back to article LinkedIn password hack sueball kicked to the kerb by judge

A class-action lawsuit launched against LinkedIn after hackers leaked the website's user passwords has been dismissed before reaching trial. Northern California US District Judge Edward Davila ruled that two premium-account holders had been unable to demonstrate they suffered any actual harm as a result of the 2012 hack, which …

COMMENTS

This topic is closed for new posts.
WTF?

SSL encryption

People seem to mis-understand what level of security SSL encryption offers. You can make a web form that collects user data and have this sitting behind SSL. Let's say one of the fields on the form is your password. The SSL cert will help protect that as it's posted from the form to the server. However what happens to it once it reaches the server (e.g. in terms of storing it to a database) is a completely different matter. Just because the site uses SSL does not mean anything in relation to the encryption used when storing/processing that data beyond the initial post.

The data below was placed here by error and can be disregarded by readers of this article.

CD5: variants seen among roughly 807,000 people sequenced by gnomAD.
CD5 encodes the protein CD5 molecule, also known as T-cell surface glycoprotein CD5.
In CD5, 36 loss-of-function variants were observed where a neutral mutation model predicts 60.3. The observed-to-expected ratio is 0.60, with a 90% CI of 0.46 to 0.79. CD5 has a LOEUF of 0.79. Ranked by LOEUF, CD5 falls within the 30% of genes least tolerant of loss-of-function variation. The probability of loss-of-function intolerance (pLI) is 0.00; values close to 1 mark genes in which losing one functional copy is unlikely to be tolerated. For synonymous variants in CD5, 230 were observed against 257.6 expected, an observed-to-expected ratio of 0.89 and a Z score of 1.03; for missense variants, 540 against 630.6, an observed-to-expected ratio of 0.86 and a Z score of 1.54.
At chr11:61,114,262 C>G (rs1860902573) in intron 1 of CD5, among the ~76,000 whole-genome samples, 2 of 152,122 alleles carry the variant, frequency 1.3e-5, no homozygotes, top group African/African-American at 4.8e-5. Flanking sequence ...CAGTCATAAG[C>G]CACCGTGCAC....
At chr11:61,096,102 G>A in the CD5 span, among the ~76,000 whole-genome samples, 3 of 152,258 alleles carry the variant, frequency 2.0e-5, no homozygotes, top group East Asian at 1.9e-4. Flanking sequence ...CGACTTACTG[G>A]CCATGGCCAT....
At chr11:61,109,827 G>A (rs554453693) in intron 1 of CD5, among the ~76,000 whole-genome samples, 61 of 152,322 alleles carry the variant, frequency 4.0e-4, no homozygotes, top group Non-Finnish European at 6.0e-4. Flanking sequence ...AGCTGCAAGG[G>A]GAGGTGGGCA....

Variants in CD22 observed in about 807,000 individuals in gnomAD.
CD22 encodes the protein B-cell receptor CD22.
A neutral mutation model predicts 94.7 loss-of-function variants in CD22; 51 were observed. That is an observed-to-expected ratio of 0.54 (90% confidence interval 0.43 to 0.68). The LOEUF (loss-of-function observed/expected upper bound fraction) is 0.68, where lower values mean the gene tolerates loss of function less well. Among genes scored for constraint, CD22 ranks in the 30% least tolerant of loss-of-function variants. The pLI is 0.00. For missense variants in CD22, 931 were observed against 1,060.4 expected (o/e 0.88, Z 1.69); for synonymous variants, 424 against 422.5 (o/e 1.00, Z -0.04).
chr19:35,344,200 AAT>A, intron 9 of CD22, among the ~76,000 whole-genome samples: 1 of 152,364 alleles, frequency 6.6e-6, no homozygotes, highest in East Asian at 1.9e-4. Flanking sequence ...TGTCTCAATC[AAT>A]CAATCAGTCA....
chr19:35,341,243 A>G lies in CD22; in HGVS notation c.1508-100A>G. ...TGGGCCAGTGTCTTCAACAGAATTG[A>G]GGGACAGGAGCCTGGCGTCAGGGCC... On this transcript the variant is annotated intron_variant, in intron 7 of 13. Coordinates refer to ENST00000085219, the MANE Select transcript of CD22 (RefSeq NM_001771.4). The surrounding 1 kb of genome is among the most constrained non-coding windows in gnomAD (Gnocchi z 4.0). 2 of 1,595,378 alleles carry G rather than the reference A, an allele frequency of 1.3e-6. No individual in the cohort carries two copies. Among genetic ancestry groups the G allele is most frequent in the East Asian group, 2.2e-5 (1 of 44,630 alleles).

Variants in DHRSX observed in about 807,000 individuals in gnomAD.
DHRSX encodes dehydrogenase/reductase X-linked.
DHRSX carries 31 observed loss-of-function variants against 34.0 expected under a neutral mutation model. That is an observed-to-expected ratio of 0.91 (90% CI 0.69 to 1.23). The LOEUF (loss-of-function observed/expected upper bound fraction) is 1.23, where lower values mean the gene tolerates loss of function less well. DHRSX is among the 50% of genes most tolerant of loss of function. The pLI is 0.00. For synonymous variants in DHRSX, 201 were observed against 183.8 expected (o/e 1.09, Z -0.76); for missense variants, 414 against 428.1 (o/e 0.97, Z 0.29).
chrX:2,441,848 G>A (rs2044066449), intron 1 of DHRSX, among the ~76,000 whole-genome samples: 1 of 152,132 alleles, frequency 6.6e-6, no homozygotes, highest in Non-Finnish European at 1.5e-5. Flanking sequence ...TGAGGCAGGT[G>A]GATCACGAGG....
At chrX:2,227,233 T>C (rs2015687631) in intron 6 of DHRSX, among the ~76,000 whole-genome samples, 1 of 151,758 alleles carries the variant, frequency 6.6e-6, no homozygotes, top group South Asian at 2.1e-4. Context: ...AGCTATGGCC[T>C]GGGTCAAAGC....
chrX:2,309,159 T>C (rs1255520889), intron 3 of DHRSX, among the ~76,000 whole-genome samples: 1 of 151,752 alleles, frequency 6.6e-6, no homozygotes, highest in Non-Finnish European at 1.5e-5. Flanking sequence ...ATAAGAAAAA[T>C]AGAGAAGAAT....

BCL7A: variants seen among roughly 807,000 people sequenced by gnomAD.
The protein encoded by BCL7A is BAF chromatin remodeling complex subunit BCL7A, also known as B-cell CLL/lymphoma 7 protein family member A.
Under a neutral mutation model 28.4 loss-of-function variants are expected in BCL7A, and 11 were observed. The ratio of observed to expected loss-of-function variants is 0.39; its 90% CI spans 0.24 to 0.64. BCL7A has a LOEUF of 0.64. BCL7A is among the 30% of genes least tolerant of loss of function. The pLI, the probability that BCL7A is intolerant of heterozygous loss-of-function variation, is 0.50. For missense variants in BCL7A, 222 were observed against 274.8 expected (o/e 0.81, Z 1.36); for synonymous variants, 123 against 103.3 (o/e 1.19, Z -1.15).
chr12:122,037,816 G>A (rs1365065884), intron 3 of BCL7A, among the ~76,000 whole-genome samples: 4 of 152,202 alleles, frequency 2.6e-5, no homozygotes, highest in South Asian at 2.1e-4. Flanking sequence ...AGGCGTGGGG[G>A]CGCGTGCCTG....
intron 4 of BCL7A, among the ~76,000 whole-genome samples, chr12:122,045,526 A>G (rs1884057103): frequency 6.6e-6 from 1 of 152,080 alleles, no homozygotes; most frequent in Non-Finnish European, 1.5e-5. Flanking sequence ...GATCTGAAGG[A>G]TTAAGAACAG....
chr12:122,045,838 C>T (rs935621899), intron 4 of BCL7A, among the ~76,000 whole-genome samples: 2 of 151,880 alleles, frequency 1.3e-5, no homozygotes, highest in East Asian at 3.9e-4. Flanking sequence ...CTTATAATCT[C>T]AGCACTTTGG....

Their privacy policy said "all information that you provide will be protected with industry-standard protocols and technology". To not use a salt is arguably poor practice, but I even reckon it's not considered industry standard to do this by some devs anyway, so it's not clear cut.

As for "admitted that they had not read LinkedIn's privacy policy prior to the hack"...well that just tells you they were trying to make money from this retrospectively.

1
0
Thumb Down

Unsalted hashes

are easily broken en-masse with a rainbow attack, unless you used a really strong password that the creator of the rainbow table didn't include, like "j67-*^%fg".

This is a pretty epic fail, although I accept the judge's assertion that no harm can be proven in these specific cases (I'm assuming the users changed their passwords promptly so the stolen hashes can no longer be used).

0
0

Re: Unsalted hashes

You can be pretty sure that "j67-*^%fg" will be included in the next edition of the table.

0
0
Bronze badge

Re: Unsalted hashes

Thanks for that, it means that there is now another set of accounts I have to change the password on

3
0
This topic is closed for new posts.

Forums